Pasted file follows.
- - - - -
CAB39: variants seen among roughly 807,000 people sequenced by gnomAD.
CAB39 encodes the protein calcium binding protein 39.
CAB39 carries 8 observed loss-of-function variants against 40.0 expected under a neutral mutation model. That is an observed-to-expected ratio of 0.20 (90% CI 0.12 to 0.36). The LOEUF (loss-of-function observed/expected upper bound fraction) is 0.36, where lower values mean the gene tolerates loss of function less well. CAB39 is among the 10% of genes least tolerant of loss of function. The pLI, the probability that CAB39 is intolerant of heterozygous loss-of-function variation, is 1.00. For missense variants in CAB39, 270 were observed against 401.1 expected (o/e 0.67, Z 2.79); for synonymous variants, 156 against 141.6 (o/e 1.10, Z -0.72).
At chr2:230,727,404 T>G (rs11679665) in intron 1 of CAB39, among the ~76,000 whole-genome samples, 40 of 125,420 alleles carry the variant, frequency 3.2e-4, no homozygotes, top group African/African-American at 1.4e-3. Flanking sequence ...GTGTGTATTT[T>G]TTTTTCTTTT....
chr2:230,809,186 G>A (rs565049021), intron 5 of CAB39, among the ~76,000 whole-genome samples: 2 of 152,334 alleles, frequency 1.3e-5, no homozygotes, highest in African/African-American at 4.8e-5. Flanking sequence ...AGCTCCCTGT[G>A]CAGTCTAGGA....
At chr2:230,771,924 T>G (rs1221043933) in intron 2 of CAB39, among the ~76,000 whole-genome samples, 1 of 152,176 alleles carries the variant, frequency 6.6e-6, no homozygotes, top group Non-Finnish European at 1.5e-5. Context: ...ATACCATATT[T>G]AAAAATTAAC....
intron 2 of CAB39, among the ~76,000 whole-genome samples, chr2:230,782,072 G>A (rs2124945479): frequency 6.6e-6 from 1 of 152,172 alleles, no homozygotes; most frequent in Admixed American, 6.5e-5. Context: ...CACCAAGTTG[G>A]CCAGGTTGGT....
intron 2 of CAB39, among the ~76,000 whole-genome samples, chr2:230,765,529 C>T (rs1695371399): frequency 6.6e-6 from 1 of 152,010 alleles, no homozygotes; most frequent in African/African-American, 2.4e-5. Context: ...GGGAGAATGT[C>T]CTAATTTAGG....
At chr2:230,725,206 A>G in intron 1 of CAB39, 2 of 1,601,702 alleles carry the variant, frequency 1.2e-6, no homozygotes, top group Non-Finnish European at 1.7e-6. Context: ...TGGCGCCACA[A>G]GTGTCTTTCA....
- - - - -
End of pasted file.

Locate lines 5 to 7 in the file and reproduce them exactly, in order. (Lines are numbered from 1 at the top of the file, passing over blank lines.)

chr2:230,809,186 G>A (rs565049021), intron 5 of CAB39, among the ~76,000 whole-genome samples: 2 of 152,334 alleles, frequency 1.3e-5, no homozygotes, highest in African/African-American at 4.8e-5. Flanking sequence ...AGCTCCCTGT[G>A]CAGTCTAGGA....
At chr2:230,771,924 T>G (rs1221043933) in intron 2 of CAB39, among the ~76,000 whole-genome samples, 1 of 152,176 alleles carries the variant, frequency 6.6e-6, no homozygotes, top group Non-Finnish European at 1.5e-5. Context: ...ATACCATATT[T>G]AAAAATTAAC....
intron 2 of CAB39, among the ~76,000 whole-genome samples, chr2:230,782,072 G>A (rs2124945479): frequency 6.6e-6 from 1 of 152,172 alleles, no homozygotes; most frequent in Admixed American, 6.5e-5. Context: ...CACCAAGTTG[G>A]CCAGGTTGGT....